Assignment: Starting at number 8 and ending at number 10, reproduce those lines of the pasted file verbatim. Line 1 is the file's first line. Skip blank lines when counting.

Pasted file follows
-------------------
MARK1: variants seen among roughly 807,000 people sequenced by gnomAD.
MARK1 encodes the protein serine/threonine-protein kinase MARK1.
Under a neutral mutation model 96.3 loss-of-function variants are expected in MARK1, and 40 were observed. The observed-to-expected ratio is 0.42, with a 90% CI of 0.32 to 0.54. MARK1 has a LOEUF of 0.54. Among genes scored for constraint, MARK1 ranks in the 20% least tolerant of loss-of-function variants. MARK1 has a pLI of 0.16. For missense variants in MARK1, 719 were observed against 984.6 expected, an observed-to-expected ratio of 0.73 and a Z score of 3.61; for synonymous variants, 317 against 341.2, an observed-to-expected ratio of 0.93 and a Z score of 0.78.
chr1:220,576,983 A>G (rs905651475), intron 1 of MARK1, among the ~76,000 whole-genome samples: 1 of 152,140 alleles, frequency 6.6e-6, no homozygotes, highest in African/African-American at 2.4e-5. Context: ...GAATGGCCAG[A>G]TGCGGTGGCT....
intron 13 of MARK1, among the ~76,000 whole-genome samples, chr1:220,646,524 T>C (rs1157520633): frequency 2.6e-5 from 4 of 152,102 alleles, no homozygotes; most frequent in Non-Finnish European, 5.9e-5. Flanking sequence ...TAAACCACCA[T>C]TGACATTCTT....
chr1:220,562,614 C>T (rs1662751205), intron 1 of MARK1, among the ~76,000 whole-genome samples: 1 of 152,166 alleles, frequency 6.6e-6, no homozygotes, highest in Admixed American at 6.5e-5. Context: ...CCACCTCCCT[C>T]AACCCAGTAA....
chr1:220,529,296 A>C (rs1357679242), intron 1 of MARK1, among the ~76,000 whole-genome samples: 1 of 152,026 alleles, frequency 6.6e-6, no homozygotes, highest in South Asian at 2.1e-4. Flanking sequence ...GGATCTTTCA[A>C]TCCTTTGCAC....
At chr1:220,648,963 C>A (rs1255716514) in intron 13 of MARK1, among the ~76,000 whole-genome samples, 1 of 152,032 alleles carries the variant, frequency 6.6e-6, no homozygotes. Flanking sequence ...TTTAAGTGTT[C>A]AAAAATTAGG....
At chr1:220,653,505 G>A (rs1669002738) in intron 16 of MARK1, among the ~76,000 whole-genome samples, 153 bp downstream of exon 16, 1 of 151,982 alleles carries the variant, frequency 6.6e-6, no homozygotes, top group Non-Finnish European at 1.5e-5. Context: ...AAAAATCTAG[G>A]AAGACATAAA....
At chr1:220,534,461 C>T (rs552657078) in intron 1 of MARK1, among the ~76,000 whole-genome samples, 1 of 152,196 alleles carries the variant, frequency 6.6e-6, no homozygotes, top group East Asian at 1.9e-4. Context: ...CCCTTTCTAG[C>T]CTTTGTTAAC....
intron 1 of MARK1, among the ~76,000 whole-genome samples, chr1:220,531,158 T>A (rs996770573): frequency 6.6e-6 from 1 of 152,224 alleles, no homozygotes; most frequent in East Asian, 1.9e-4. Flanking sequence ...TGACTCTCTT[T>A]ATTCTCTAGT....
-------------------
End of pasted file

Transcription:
At chr1:220,648,963 C>A (rs1255716514) in intron 13 of MARK1, among the ~76,000 whole-genome samples, 1 of 152,032 alleles carries the variant, frequency 6.6e-6, no homozygotes. Flanking sequence ...TTTAAGTGTT[C>A]AAAAATTAGG....
At chr1:220,653,505 G>A (rs1669002738) in intron 16 of MARK1, among the ~76,000 whole-genome samples, 153 bp downstream of exon 16, 1 of 151,982 alleles carries the variant, frequency 6.6e-6, no homozygotes, top group Non-Finnish European at 1.5e-5. Context: ...AAAAATCTAG[G>A]AAGACATAAA....
At chr1:220,534,461 C>T (rs552657078) in intron 1 of MARK1, among the ~76,000 whole-genome samples, 1 of 152,196 alleles carries the variant, frequency 6.6e-6, no homozygotes, top group East Asian at 1.9e-4. Context: ...CCCTTTCTAG[C>T]CTTTGTTAAC....